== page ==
- Question: Do/have any of you lived on base? If so what is it like? Do you prefer on or off base living? - Anonymous
i personally have not lived in base.. but every milso that i have talked to has told me that they prefer living off base because it’s your place, you know? as far as what my husband has told me, if you live on base, you dont get marriage pay.
personally, i would prefer to live off base because while youre on base, there are rules you have to follow.
Let me try and clear this up a bit. What “rules” is everyone talking about? Seriously? Besides keeping up with your lawn appearance, there are hardly any “rules” to follow.
You have to keep quiet in any place you have if you have neighbors (curtesy). If you’re underage, you can’t drink and that’s everywhere- on or off base. There are no weird, or super strict rules I have ever heard of for living on base. Some bases have a pet limit, where as any apartment off base may have those, too.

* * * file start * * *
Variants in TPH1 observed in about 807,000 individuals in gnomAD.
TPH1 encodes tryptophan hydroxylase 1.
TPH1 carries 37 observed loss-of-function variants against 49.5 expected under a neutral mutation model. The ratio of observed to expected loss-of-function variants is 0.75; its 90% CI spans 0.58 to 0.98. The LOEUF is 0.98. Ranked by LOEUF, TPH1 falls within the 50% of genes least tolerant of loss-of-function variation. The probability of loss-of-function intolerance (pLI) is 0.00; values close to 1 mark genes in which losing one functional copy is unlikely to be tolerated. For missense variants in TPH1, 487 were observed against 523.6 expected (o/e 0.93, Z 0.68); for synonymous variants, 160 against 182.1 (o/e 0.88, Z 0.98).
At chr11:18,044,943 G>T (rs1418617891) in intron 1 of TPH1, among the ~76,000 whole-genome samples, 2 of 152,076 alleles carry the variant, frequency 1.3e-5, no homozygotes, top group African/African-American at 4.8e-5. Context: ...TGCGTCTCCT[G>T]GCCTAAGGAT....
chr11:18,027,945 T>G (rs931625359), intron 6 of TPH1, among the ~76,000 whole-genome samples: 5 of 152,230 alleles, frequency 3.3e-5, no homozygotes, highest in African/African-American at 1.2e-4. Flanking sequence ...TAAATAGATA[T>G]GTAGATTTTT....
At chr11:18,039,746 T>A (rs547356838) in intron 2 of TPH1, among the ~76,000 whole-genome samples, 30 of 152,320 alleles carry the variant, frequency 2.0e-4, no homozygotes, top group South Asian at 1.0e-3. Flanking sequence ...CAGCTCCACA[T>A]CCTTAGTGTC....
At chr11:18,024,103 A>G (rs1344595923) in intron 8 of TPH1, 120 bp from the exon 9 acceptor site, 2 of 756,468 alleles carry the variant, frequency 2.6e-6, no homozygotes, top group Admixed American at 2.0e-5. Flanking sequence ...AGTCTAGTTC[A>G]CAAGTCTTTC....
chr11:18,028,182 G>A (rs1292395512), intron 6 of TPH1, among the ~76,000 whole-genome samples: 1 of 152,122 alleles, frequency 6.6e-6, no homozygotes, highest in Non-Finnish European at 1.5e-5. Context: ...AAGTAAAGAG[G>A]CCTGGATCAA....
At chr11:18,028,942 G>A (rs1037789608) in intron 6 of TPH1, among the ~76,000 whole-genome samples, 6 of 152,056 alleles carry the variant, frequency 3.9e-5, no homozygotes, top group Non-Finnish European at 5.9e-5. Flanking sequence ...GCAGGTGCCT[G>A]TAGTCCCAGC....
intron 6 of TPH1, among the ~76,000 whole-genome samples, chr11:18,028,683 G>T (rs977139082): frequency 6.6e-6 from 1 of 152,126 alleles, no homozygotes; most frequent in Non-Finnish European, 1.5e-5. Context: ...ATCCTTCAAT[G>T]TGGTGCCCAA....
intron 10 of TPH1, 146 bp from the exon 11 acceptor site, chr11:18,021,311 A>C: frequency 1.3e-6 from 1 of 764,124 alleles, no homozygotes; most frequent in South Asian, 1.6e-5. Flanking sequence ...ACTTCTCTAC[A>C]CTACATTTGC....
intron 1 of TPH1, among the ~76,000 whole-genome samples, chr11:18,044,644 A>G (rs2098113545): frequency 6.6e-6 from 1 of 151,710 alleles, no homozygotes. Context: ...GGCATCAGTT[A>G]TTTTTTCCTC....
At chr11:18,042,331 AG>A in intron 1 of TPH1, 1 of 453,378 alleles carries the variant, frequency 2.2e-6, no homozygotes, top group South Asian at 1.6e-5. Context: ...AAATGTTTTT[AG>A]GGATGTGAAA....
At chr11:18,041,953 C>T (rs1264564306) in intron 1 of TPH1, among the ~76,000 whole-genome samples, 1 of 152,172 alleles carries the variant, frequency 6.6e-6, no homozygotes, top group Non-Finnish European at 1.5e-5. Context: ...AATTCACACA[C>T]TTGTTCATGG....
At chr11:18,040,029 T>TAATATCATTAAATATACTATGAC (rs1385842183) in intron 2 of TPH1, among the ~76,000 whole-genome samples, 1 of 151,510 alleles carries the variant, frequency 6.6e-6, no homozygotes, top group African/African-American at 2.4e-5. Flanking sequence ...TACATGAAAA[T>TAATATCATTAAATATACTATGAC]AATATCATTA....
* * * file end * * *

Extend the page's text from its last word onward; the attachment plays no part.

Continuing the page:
Some great benefits on living on base is security, better chances of getting a house versus just a one bedroom apartment or whatever, and the community is willing to help you out.
Some argue that living on base is too close to work, and I guess I could see that. However, we’re saving on gas and time by being so close. We haven’t lost our identity by living on base and we’ve met a lot of great people.
I just don’t see why everyone knocks on living on base. We a four bedroom house on base and there’s only two of us. Everything is included: gas, water, electricity, garbage… It’s pretty fantastic! They have a lot of newer homes being built on base, too! Some of my friends have gotten brand new housing! And let me tell you, it’s SO NICE.
So. To each their own. I guess I just wanted to throw out my experience 😁